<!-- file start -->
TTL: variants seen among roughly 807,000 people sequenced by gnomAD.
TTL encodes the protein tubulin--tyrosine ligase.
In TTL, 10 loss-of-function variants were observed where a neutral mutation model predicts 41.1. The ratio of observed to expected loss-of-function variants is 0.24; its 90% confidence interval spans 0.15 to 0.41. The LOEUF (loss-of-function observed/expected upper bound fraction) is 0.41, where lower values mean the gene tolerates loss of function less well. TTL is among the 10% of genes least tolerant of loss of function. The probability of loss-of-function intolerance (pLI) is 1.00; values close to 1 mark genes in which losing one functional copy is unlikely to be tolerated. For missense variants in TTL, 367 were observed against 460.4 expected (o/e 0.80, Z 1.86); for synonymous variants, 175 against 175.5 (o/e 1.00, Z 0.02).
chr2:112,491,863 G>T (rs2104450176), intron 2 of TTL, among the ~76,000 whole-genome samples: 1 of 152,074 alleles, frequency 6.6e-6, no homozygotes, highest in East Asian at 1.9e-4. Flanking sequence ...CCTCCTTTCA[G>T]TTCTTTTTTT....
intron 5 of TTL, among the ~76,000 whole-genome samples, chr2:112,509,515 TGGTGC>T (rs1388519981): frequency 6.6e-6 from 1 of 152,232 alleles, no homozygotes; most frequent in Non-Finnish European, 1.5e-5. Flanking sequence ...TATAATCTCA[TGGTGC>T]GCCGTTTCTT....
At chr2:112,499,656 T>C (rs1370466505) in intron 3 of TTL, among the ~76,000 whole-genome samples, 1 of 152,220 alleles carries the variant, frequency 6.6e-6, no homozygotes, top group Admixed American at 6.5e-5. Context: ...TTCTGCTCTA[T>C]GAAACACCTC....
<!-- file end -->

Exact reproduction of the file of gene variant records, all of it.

TTL: variants seen among roughly 807,000 people sequenced by gnomAD.
TTL encodes the protein tubulin--tyrosine ligase.
In TTL, 10 loss-of-function variants were observed where a neutral mutation model predicts 41.1. The ratio of observed to expected loss-of-function variants is 0.24; its 90% confidence interval spans 0.15 to 0.41. The LOEUF (loss-of-function observed/expected upper bound fraction) is 0.41, where lower values mean the gene tolerates loss of function less well. TTL is among the 10% of genes least tolerant of loss of function. The probability of loss-of-function intolerance (pLI) is 1.00; values close to 1 mark genes in which losing one functional copy is unlikely to be tolerated. For missense variants in TTL, 367 were observed against 460.4 expected (o/e 0.80, Z 1.86); for synonymous variants, 175 against 175.5 (o/e 1.00, Z 0.02).
chr2:112,491,863 G>T (rs2104450176), intron 2 of TTL, among the ~76,000 whole-genome samples: 1 of 152,074 alleles, frequency 6.6e-6, no homozygotes, highest in East Asian at 1.9e-4. Flanking sequence ...CCTCCTTTCA[G>T]TTCTTTTTTT....
intron 5 of TTL, among the ~76,000 whole-genome samples, chr2:112,509,515 TGGTGC>T (rs1388519981): frequency 6.6e-6 from 1 of 152,232 alleles, no homozygotes; most frequent in Non-Finnish European, 1.5e-5. Flanking sequence ...TATAATCTCA[TGGTGC>T]GCCGTTTCTT....
At chr2:112,499,656 T>C (rs1370466505) in intron 3 of TTL, among the ~76,000 whole-genome samples, 1 of 152,220 alleles carries the variant, frequency 6.6e-6, no homozygotes, top group Admixed American at 6.5e-5. Context: ...TTCTGCTCTA[T>C]GAAACACCTC....